Pesce Law Group, P.C.


Naperville | Oak Brook | Burr Ridge | Lake Forest | St. Charles

Understanding Court-Ordered Mediation in an Illinois Child Custody Case

 Posted on October 11, 2021 in Child Custody

IL divorce lawyerAny family law issue can become hostile and non-productive. When a family law concern involving children becomes contentious, both the adults and the children involved in the dispute can suffer. In order to reduce contention and promote out-of-court resolutions to child custody issues, many Illinois courts require parents to attend mediation.

Why Are We Being Forced to Go to Mediation?

Child custody disputes are often some of the most difficult family law cases to resolve. Parents understandably have strong beliefs about their children and what is best for them. When parents cannot reach an agreement about the allocation of parental responsibilities and parenting time, the court may have to intervene. However, Illinois courts try to avoid child custody trials whenever possible. These trials can place a great strain on children and their parents. The adversarial nature of a court trial also pits parents against each other, making it even harder for them to build a cooperative co-parenting relationship in the future.

That being said, there are some situations in which mediation is not a viable solution. For example, mediation is not required or even recommended in cases involving domestic violence or child abuse.

What Happens During Mediation?

Divorcing parents can have a difficult time discussing child custody disagreements productively. They may let old hurts or resentments cloud their judgment or focus too much on “winning” the case. This can lead to emotion-based accusations and blame instead of constructive, fact-based conversation.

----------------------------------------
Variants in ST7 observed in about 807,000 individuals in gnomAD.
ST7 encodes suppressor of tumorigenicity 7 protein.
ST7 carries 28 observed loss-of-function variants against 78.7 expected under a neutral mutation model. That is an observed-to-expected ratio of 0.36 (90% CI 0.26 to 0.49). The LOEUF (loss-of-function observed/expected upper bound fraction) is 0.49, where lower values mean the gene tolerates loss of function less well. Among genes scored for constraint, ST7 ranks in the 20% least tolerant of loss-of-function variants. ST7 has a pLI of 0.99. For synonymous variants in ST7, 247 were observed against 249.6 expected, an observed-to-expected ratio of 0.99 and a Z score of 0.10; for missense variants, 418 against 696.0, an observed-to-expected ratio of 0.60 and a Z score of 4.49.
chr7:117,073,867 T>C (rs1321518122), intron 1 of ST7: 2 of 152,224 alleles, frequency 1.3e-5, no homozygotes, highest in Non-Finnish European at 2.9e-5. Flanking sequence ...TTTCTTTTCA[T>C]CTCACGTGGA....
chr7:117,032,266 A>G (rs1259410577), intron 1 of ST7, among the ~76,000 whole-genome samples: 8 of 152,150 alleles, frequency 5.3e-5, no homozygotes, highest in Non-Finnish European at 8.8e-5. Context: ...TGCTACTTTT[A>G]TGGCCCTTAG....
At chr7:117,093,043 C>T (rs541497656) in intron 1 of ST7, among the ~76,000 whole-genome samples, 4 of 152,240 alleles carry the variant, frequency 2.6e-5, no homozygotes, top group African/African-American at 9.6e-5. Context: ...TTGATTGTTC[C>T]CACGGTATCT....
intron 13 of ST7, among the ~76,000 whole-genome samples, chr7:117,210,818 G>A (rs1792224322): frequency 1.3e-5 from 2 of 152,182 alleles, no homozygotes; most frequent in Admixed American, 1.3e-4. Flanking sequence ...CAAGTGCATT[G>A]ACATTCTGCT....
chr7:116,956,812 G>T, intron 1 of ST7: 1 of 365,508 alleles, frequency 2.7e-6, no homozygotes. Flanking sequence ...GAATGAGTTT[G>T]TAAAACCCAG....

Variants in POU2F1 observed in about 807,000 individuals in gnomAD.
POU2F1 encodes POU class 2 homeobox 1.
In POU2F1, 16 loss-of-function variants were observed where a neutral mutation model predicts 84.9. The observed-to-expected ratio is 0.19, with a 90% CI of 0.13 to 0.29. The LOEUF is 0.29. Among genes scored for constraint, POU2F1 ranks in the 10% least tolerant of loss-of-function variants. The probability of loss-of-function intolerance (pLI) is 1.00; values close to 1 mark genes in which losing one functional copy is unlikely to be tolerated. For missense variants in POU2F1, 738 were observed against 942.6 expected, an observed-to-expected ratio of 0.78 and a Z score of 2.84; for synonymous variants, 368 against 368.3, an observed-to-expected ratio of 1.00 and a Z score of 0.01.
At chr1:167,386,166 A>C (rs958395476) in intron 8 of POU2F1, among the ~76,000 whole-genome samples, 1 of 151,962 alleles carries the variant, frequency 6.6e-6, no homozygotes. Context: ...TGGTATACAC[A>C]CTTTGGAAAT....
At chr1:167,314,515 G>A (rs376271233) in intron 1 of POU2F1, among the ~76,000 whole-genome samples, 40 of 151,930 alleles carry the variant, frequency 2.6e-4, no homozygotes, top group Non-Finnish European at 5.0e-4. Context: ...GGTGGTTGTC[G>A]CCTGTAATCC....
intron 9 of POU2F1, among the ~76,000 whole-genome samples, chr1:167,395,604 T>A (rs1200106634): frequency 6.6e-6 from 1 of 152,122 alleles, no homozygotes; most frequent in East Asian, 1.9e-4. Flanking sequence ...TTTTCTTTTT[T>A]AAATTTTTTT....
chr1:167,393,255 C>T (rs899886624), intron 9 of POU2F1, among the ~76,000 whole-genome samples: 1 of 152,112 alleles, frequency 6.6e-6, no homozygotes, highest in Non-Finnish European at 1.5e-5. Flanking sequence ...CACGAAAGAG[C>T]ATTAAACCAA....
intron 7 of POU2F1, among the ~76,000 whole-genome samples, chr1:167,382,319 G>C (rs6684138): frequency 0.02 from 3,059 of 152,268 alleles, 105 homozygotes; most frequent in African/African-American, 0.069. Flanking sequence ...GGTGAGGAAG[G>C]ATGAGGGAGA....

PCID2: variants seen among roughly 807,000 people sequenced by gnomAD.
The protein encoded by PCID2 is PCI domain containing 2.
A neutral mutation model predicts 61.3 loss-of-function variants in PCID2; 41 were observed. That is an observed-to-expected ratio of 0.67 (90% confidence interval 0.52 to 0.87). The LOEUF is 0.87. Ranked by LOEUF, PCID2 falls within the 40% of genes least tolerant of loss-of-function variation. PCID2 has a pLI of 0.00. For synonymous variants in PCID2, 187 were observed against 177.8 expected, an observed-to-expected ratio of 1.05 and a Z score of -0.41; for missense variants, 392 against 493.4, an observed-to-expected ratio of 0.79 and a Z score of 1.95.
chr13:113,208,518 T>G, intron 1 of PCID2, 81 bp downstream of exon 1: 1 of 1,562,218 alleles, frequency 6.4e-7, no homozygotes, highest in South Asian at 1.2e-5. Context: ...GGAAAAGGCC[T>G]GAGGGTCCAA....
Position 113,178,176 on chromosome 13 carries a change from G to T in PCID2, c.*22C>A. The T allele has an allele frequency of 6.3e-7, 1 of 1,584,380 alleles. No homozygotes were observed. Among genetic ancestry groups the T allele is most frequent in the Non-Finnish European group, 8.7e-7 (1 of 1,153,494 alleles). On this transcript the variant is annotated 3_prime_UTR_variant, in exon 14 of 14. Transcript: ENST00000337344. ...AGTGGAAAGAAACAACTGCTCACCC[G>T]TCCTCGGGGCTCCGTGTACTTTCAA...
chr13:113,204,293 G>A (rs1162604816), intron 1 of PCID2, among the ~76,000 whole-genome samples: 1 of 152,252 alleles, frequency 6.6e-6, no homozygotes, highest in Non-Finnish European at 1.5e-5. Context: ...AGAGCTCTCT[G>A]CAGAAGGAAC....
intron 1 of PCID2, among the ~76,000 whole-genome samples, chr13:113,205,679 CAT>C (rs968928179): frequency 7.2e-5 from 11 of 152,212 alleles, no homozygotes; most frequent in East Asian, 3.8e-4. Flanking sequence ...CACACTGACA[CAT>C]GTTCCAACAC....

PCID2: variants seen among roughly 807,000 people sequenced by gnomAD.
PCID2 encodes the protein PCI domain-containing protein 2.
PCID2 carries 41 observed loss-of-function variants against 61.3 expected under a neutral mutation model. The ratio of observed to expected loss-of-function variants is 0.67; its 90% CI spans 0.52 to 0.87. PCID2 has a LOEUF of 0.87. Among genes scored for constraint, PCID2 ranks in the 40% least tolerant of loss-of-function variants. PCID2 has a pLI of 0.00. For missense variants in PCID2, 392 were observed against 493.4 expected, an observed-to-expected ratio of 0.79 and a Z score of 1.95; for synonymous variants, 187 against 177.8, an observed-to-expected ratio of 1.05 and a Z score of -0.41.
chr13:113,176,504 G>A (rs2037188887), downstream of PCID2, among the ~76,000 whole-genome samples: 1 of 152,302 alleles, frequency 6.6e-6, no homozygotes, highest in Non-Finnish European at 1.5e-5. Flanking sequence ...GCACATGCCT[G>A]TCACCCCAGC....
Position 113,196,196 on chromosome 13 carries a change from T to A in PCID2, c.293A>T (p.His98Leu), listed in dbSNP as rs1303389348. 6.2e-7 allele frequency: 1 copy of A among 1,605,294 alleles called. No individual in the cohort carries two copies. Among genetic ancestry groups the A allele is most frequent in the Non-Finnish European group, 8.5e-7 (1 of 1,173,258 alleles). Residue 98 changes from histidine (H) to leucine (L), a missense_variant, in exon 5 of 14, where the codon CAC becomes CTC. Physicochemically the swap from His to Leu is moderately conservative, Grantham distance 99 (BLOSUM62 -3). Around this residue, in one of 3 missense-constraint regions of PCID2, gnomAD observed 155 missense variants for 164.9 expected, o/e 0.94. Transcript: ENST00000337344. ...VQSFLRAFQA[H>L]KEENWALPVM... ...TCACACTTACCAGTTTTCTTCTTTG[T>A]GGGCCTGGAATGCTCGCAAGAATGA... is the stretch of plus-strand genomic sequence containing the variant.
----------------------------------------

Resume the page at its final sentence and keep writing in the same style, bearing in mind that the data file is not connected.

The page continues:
During mediation, both parents sit down with a specially trained mediator. Family law mediators are skilled in conflict resolution techniques, negotiation, and communication. They help parents discuss the unresolved issues in a way that works toward a solution. The mediator does not decide anything for the parents. His or her job is to help guide the conversation so that it is beneficial and non-hostile.

The mediator will help the couple find common ground and identify issues on which they already agree. Once the unresolved issues are understood, the mediator helps the parties explore possible solutions.

What If Mediation Does Not Work?

Ideally, every child custody case could be resolved through mediation. However, this is sometimes not possible. If a child custody dispute cannot be solved through mediation, negotiation, or another alternative resolution method like collaborative law, the case may be litigated. Ultimately, the decision may be left up to the judge overseeing the case. The judge will listen to each party’s arguments, evaluate the evidence presented, and then make a decision that is in the child’s best interests.

Contact a Naperville Child Custody Lawyer

For skilled legal guidance during your child custody issue, contact the DuPage County family law attorneys at Pesce Law Group, P.C. Call us at 630-352-2240 for a free consultation.



Share this post:
Back to Top